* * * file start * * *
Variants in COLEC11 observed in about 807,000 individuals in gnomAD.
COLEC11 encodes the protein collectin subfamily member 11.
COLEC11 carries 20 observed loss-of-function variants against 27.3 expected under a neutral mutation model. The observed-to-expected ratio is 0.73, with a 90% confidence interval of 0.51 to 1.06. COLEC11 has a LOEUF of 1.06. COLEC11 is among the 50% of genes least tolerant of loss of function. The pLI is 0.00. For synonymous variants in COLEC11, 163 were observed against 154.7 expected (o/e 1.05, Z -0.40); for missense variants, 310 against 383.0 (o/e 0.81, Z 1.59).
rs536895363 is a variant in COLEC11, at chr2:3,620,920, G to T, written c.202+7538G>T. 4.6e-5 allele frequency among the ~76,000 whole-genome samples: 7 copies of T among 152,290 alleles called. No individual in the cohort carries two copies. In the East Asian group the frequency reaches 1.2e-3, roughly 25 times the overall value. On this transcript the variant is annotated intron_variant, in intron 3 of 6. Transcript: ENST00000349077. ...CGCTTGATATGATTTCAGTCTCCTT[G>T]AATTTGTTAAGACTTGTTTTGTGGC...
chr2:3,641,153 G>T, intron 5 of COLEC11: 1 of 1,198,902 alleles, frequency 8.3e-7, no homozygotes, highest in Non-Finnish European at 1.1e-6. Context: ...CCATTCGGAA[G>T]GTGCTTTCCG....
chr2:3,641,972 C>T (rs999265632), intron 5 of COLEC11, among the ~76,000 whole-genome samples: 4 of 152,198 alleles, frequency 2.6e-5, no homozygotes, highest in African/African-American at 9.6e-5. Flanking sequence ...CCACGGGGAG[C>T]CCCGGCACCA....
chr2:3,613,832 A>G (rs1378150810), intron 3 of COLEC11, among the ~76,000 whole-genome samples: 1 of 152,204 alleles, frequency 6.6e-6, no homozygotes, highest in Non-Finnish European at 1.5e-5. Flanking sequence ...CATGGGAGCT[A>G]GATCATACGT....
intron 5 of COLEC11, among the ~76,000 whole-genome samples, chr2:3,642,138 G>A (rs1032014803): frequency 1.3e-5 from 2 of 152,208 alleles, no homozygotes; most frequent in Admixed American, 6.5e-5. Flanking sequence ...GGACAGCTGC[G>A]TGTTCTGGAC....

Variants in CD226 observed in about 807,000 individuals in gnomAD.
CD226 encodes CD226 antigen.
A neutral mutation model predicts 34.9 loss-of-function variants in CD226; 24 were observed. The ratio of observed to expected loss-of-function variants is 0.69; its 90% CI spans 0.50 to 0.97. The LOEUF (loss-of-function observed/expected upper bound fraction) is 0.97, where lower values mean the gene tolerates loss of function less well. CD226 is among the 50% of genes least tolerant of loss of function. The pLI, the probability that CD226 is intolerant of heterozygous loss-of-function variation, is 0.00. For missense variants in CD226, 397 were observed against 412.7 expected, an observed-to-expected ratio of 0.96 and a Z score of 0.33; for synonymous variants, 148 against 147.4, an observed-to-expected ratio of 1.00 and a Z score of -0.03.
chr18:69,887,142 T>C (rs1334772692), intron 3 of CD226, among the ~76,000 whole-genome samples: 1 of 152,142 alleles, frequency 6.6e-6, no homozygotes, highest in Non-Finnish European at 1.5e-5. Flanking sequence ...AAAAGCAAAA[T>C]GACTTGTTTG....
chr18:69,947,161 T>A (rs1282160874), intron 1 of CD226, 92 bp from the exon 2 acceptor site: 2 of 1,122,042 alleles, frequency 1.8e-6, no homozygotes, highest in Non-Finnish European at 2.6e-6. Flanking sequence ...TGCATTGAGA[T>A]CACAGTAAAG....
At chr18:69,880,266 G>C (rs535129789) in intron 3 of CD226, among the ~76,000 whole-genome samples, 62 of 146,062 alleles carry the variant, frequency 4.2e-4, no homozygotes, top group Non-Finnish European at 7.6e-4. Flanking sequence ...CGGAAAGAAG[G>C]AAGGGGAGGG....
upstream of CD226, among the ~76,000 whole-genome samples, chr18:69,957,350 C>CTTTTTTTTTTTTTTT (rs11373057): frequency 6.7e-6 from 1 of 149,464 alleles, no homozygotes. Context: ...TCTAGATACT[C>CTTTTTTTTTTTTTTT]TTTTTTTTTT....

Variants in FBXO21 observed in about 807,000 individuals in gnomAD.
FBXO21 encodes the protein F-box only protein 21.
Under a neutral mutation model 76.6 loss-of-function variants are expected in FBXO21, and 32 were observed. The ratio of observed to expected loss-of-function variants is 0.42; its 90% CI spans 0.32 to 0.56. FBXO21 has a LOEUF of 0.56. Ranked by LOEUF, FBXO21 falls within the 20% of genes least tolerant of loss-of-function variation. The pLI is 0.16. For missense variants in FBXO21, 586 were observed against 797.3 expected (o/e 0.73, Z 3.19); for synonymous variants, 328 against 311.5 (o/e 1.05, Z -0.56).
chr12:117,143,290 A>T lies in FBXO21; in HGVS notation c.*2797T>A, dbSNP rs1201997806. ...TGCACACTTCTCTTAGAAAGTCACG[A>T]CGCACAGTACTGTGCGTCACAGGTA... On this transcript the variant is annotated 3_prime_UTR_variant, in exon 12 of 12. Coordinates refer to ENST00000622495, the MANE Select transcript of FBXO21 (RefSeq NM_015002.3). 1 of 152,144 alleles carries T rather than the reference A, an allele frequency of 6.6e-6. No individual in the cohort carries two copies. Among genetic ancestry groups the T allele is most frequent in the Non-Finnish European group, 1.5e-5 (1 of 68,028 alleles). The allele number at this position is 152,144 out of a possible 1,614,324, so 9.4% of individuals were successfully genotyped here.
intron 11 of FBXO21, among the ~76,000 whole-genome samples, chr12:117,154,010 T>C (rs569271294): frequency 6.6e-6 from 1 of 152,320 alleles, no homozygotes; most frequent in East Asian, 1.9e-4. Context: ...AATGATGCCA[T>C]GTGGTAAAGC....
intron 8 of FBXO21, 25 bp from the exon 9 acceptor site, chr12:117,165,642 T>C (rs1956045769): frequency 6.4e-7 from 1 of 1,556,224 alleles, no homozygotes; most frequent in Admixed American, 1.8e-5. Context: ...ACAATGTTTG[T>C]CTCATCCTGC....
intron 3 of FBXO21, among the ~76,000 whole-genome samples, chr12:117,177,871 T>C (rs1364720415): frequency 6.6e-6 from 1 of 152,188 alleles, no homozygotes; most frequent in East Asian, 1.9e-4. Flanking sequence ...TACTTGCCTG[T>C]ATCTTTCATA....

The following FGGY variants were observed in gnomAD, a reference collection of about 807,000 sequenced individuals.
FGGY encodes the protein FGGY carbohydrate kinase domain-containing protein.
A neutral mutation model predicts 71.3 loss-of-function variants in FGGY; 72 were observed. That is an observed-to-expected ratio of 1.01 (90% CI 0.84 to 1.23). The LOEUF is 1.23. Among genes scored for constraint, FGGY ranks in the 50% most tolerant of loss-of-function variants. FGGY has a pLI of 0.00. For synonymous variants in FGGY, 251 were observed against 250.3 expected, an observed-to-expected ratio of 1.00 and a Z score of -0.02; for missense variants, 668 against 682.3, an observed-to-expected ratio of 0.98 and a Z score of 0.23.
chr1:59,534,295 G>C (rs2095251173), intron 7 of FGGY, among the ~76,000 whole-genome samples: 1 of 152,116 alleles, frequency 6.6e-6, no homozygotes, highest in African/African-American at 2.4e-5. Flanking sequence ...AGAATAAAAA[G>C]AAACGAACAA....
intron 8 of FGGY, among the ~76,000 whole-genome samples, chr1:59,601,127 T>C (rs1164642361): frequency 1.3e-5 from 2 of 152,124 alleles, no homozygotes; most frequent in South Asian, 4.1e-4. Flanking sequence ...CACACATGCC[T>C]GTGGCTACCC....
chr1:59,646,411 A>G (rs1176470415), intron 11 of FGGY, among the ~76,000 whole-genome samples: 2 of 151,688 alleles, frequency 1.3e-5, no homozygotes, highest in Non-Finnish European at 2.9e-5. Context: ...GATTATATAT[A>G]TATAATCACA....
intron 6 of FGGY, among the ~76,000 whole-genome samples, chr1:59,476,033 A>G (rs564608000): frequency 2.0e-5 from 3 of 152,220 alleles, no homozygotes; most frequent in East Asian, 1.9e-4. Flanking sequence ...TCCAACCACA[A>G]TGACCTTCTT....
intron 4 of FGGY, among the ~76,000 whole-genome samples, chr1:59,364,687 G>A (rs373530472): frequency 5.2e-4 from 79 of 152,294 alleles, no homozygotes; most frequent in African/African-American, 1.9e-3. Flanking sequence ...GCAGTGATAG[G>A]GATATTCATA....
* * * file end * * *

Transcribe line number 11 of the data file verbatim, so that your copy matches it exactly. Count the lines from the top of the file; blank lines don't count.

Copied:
A neutral mutation model predicts 34.9 loss-of-function variants in CD226; 24 were observed. The ratio of observed to expected loss-of-function variants is 0.69; its 90% CI spans 0.50 to 0.97. The LOEUF (loss-of-function observed/expected upper bound fraction) is 0.97, where lower values mean the gene tolerates loss of function less well. CD226 is among the 50% of genes least tolerant of loss of function. The pLI, the probability that CD226 is intolerant of heterozygous loss-of-function variation, is 0.00. For missense variants in CD226, 397 were observed against 412.7 expected, an observed-to-expected ratio of 0.96 and a Z score of 0.33; for synonymous variants, 148 against 147.4, an observed-to-expected ratio of 1.00 and a Z score of -0.03.